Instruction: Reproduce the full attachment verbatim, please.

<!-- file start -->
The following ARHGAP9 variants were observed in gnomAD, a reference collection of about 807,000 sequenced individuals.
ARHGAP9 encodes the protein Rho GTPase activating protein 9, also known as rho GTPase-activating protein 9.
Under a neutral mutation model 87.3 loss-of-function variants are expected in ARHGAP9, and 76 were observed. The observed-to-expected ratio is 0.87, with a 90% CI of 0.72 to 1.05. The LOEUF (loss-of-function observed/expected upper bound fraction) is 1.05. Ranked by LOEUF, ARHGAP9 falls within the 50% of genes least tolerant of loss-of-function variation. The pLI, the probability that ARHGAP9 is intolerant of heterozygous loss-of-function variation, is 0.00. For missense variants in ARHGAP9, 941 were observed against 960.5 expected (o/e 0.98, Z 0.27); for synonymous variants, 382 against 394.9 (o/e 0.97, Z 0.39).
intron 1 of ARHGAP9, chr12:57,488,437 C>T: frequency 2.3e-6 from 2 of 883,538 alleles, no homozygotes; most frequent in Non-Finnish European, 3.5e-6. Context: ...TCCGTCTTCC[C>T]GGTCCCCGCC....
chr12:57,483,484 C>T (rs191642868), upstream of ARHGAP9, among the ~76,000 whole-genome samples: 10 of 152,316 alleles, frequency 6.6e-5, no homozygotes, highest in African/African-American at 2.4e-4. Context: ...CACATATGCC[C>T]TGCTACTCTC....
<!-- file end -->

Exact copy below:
The following ARHGAP9 variants were observed in gnomAD, a reference collection of about 807,000 sequenced individuals.
ARHGAP9 encodes the protein Rho GTPase activating protein 9, also known as rho GTPase-activating protein 9.
Under a neutral mutation model 87.3 loss-of-function variants are expected in ARHGAP9, and 76 were observed. The observed-to-expected ratio is 0.87, with a 90% CI of 0.72 to 1.05. The LOEUF (loss-of-function observed/expected upper bound fraction) is 1.05. Ranked by LOEUF, ARHGAP9 falls within the 50% of genes least tolerant of loss-of-function variation. The pLI, the probability that ARHGAP9 is intolerant of heterozygous loss-of-function variation, is 0.00. For missense variants in ARHGAP9, 941 were observed against 960.5 expected (o/e 0.98, Z 0.27); for synonymous variants, 382 against 394.9 (o/e 0.97, Z 0.39).
intron 1 of ARHGAP9, chr12:57,488,437 C>T: frequency 2.3e-6 from 2 of 883,538 alleles, no homozygotes; most frequent in Non-Finnish European, 3.5e-6. Context: ...TCCGTCTTCC[C>T]GGTCCCCGCC....
chr12:57,483,484 C>T (rs191642868), upstream of ARHGAP9, among the ~76,000 whole-genome samples: 10 of 152,316 alleles, frequency 6.6e-5, no homozygotes, highest in African/African-American at 2.4e-4. Context: ...CACATATGCC[C>T]TGCTACTCTC....